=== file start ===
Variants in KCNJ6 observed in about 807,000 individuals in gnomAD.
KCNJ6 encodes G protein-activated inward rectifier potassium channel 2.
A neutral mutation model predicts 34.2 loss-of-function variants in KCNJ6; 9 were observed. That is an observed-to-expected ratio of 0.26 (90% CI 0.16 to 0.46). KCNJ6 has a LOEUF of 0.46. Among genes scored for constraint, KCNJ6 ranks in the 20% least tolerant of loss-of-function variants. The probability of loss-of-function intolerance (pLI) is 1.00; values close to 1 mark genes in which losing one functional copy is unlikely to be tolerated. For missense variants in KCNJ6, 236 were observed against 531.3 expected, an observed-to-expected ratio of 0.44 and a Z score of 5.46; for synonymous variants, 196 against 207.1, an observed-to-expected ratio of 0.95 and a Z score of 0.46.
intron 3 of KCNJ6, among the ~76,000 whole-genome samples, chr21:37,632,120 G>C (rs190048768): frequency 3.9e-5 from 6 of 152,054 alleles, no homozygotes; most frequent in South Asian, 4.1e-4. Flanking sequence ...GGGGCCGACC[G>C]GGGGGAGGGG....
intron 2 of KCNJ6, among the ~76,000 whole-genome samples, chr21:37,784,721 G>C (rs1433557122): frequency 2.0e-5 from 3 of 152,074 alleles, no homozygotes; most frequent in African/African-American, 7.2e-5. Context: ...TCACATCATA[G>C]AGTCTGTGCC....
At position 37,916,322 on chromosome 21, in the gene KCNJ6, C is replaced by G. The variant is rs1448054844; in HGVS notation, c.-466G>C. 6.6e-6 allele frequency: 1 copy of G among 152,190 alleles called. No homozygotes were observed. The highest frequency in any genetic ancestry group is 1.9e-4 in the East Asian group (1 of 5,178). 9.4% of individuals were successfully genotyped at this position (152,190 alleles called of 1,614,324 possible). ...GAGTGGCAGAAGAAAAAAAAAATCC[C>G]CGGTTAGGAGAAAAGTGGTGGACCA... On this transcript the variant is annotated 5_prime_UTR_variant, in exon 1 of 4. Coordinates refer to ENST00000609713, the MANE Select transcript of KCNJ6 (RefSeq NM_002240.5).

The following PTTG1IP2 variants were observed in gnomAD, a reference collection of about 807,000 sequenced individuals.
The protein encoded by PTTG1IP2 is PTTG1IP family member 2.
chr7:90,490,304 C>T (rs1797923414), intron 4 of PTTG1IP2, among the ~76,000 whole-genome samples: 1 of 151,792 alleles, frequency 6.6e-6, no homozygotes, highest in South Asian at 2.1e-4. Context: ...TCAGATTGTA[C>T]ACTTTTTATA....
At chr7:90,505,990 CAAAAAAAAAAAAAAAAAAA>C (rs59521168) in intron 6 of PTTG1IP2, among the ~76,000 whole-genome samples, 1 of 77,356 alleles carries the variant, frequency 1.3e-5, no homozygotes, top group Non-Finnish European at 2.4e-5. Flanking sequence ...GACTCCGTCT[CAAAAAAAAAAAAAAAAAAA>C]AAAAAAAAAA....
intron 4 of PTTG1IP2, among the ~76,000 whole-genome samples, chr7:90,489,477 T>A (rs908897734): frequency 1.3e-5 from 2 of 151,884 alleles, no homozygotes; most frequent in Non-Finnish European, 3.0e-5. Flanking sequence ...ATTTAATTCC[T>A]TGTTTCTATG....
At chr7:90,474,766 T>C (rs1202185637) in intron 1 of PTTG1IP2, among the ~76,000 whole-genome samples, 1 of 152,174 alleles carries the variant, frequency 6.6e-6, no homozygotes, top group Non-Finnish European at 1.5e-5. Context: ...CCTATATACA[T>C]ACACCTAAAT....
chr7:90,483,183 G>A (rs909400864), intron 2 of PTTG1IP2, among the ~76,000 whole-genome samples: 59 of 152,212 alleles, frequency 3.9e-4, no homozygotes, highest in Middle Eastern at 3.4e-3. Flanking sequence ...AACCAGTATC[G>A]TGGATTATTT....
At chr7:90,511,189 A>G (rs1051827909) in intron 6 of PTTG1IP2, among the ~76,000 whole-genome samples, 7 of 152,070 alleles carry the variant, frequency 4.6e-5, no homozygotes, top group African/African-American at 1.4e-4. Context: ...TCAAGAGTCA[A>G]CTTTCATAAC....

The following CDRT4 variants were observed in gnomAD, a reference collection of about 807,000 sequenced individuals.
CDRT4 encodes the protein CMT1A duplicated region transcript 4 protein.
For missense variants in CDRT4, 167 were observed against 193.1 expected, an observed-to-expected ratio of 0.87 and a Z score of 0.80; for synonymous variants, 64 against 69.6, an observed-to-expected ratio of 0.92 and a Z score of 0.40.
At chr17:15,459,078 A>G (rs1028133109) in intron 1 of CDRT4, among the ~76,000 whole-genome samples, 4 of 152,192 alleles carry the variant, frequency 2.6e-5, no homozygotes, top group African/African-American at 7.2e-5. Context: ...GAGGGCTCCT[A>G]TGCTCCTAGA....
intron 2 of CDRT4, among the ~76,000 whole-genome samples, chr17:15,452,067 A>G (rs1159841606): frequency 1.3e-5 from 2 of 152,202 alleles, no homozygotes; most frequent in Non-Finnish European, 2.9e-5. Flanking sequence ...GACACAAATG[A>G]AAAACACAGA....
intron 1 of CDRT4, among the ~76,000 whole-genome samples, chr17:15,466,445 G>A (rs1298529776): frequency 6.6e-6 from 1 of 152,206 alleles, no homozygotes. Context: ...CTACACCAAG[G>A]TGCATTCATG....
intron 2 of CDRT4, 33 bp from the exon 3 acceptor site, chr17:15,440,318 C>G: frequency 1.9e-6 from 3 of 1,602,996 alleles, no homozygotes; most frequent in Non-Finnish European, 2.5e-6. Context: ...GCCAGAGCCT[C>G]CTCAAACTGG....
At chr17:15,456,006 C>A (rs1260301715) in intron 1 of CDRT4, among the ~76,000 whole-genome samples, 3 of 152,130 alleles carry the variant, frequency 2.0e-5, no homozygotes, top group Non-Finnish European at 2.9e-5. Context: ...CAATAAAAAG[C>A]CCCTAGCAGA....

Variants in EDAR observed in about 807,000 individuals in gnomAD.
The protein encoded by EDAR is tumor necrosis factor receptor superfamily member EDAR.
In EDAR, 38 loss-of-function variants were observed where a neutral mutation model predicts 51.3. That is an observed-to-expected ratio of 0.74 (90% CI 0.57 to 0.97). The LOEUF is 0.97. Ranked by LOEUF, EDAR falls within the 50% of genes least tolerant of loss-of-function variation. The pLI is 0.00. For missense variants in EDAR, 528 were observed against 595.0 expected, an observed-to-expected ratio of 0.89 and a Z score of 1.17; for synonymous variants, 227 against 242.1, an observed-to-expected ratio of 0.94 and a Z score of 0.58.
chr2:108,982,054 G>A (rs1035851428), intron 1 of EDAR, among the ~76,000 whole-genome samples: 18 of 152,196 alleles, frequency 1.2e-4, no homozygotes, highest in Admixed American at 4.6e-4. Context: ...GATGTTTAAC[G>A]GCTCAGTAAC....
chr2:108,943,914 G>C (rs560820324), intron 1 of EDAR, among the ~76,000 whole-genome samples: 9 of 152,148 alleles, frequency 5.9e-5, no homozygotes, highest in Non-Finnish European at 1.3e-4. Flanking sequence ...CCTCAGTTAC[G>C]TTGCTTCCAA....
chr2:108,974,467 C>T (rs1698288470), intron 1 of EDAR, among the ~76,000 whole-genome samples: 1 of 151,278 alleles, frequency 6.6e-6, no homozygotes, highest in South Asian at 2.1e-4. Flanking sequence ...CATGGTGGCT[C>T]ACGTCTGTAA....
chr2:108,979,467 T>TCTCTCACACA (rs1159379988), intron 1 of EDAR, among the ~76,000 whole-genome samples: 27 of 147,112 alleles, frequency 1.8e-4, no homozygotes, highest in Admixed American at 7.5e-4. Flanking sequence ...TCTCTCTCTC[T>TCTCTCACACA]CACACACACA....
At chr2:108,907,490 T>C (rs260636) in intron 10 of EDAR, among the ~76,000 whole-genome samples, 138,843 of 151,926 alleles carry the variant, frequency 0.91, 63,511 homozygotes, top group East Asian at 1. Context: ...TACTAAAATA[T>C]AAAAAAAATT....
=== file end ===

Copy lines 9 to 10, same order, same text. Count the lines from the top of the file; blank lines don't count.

chr7:90,490,304 C>T (rs1797923414), intron 4 of PTTG1IP2, among the ~76,000 whole-genome samples: 1 of 151,792 alleles, frequency 6.6e-6, no homozygotes, highest in South Asian at 2.1e-4. Context: ...TCAGATTGTA[C>T]ACTTTTTATA....
At chr7:90,505,990 CAAAAAAAAAAAAAAAAAAA>C (rs59521168) in intron 6 of PTTG1IP2, among the ~76,000 whole-genome samples, 1 of 77,356 alleles carries the variant, frequency 1.3e-5, no homozygotes, top group Non-Finnish European at 2.4e-5. Flanking sequence ...GACTCCGTCT[CAAAAAAAAAAAAAAAAAAA>C]AAAAAAAAAA....